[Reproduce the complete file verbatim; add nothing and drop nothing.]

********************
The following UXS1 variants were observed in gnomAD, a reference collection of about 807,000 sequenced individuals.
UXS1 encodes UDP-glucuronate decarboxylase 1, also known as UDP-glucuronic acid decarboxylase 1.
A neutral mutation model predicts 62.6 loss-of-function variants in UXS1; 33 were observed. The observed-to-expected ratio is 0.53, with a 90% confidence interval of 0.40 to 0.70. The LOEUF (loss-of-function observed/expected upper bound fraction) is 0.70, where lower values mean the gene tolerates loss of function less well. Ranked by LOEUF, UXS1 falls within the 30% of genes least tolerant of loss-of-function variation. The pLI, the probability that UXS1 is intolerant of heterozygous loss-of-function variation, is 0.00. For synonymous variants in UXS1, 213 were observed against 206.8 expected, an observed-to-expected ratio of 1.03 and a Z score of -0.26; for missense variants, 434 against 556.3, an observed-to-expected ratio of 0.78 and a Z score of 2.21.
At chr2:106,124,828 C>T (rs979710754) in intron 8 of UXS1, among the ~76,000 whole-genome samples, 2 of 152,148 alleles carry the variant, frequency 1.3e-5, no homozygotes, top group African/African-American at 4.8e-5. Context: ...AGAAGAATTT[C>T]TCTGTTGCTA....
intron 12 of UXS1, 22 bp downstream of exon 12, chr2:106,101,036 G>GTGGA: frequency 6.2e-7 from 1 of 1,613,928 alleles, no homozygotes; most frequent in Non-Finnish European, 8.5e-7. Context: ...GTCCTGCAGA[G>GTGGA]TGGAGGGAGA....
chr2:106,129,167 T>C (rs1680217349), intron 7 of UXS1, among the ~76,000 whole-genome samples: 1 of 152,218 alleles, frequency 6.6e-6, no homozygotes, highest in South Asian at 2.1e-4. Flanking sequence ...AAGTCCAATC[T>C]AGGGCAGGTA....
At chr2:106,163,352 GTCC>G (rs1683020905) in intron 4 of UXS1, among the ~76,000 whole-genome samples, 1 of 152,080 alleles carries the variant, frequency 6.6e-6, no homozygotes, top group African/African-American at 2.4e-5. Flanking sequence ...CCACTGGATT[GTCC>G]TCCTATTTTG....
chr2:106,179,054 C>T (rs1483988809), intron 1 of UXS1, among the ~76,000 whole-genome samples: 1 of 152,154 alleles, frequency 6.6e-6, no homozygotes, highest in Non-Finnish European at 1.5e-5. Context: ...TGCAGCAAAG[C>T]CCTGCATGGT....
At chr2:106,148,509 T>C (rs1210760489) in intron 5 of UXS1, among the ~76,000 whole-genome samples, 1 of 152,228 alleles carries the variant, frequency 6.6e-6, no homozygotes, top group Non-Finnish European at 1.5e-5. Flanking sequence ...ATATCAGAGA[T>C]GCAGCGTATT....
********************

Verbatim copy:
The following UXS1 variants were observed in gnomAD, a reference collection of about 807,000 sequenced individuals.
UXS1 encodes UDP-glucuronate decarboxylase 1, also known as UDP-glucuronic acid decarboxylase 1.
A neutral mutation model predicts 62.6 loss-of-function variants in UXS1; 33 were observed. The observed-to-expected ratio is 0.53, with a 90% confidence interval of 0.40 to 0.70. The LOEUF (loss-of-function observed/expected upper bound fraction) is 0.70, where lower values mean the gene tolerates loss of function less well. Ranked by LOEUF, UXS1 falls within the 30% of genes least tolerant of loss-of-function variation. The pLI, the probability that UXS1 is intolerant of heterozygous loss-of-function variation, is 0.00. For synonymous variants in UXS1, 213 were observed against 206.8 expected, an observed-to-expected ratio of 1.03 and a Z score of -0.26; for missense variants, 434 against 556.3, an observed-to-expected ratio of 0.78 and a Z score of 2.21.
At chr2:106,124,828 C>T (rs979710754) in intron 8 of UXS1, among the ~76,000 whole-genome samples, 2 of 152,148 alleles carry the variant, frequency 1.3e-5, no homozygotes, top group African/African-American at 4.8e-5. Context: ...AGAAGAATTT[C>T]TCTGTTGCTA....
intron 12 of UXS1, 22 bp downstream of exon 12, chr2:106,101,036 G>GTGGA: frequency 6.2e-7 from 1 of 1,613,928 alleles, no homozygotes; most frequent in Non-Finnish European, 8.5e-7. Context: ...GTCCTGCAGA[G>GTGGA]TGGAGGGAGA....
chr2:106,129,167 T>C (rs1680217349), intron 7 of UXS1, among the ~76,000 whole-genome samples: 1 of 152,218 alleles, frequency 6.6e-6, no homozygotes, highest in South Asian at 2.1e-4. Flanking sequence ...AAGTCCAATC[T>C]AGGGCAGGTA....
At chr2:106,163,352 GTCC>G (rs1683020905) in intron 4 of UXS1, among the ~76,000 whole-genome samples, 1 of 152,080 alleles carries the variant, frequency 6.6e-6, no homozygotes, top group African/African-American at 2.4e-5. Flanking sequence ...CCACTGGATT[GTCC>G]TCCTATTTTG....
chr2:106,179,054 C>T (rs1483988809), intron 1 of UXS1, among the ~76,000 whole-genome samples: 1 of 152,154 alleles, frequency 6.6e-6, no homozygotes, highest in Non-Finnish European at 1.5e-5. Context: ...TGCAGCAAAG[C>T]CCTGCATGGT....
At chr2:106,148,509 T>C (rs1210760489) in intron 5 of UXS1, among the ~76,000 whole-genome samples, 1 of 152,228 alleles carries the variant, frequency 6.6e-6, no homozygotes, top group Non-Finnish European at 1.5e-5. Flanking sequence ...ATATCAGAGA[T>C]GCAGCGTATT....